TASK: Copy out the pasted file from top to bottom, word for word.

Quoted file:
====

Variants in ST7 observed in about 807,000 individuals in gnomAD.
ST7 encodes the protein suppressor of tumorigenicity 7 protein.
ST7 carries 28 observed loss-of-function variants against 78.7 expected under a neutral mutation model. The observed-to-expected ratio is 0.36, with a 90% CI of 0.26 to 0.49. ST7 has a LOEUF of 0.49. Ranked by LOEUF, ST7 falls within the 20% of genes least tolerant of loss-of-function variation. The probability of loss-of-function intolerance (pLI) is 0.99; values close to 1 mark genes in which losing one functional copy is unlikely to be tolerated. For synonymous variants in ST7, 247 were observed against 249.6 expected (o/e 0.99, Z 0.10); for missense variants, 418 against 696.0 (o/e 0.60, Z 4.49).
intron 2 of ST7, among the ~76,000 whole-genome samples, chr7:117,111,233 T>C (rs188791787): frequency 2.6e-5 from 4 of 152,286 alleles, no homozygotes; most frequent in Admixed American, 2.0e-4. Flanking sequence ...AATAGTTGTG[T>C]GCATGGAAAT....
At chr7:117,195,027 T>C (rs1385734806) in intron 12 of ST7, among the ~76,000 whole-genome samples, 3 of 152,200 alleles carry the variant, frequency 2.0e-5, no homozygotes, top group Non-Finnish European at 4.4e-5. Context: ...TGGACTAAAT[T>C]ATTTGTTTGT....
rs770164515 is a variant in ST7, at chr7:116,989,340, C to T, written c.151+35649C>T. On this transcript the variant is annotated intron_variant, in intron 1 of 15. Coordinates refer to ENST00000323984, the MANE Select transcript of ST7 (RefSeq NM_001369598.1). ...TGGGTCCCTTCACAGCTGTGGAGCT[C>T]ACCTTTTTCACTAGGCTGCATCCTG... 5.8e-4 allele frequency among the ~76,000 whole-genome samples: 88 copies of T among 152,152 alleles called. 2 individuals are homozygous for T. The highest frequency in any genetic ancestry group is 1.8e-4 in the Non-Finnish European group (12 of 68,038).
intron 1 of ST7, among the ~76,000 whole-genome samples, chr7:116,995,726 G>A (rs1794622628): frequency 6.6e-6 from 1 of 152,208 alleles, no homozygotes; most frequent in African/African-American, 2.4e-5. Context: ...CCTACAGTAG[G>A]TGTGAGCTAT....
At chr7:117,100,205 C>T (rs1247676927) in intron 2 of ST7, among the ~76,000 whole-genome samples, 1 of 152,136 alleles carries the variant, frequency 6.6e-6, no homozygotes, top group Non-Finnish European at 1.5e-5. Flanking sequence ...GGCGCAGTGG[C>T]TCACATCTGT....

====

Variants in ST7 observed in about 807,000 individuals in gnomAD.
ST7 encodes the protein suppressor of tumorigenicity 7 protein.
ST7 carries 28 observed loss-of-function variants against 78.7 expected under a neutral mutation model. The observed-to-expected ratio is 0.36, with a 90% CI of 0.26 to 0.49. ST7 has a LOEUF of 0.49. Ranked by LOEUF, ST7 falls within the 20% of genes least tolerant of loss-of-function variation. The probability of loss-of-function intolerance (pLI) is 0.99; values close to 1 mark genes in which losing one functional copy is unlikely to be tolerated. For synonymous variants in ST7, 247 were observed against 249.6 expected (o/e 0.99, Z 0.10); for missense variants, 418 against 696.0 (o/e 0.60, Z 4.49).
intron 2 of ST7, among the ~76,000 whole-genome samples, chr7:117,111,233 T>C (rs188791787): frequency 2.6e-5 from 4 of 152,286 alleles, no homozygotes; most frequent in Admixed American, 2.0e-4. Flanking sequence ...AATAGTTGTG[T>C]GCATGGAAAT....
At chr7:117,195,027 T>C (rs1385734806) in intron 12 of ST7, among the ~76,000 whole-genome samples, 3 of 152,200 alleles carry the variant, frequency 2.0e-5, no homozygotes, top group Non-Finnish European at 4.4e-5. Context: ...TGGACTAAAT[T>C]ATTTGTTTGT....
rs770164515 is a variant in ST7, at chr7:116,989,340, C to T, written c.151+35649C>T. On this transcript the variant is annotated intron_variant, in intron 1 of 15. Coordinates refer to ENST00000323984, the MANE Select transcript of ST7 (RefSeq NM_001369598.1). ...TGGGTCCCTTCACAGCTGTGGAGCT[C>T]ACCTTTTTCACTAGGCTGCATCCTG... 5.8e-4 allele frequency among the ~76,000 whole-genome samples: 88 copies of T among 152,152 alleles called. 2 individuals are homozygous for T. The highest frequency in any genetic ancestry group is 1.8e-4 in the Non-Finnish European group (12 of 68,038).
intron 1 of ST7, among the ~76,000 whole-genome samples, chr7:116,995,726 G>A (rs1794622628): frequency 6.6e-6 from 1 of 152,208 alleles, no homozygotes; most frequent in African/African-American, 2.4e-5. Context: ...CCTACAGTAG[G>A]TGTGAGCTAT....
At chr7:117,100,205 C>T (rs1247676927) in intron 2 of ST7, among the ~76,000 whole-genome samples, 1 of 152,136 alleles carries the variant, frequency 6.6e-6, no homozygotes, top group Non-Finnish European at 1.5e-5. Flanking sequence ...GGCGCAGTGG[C>T]TCACATCTGT....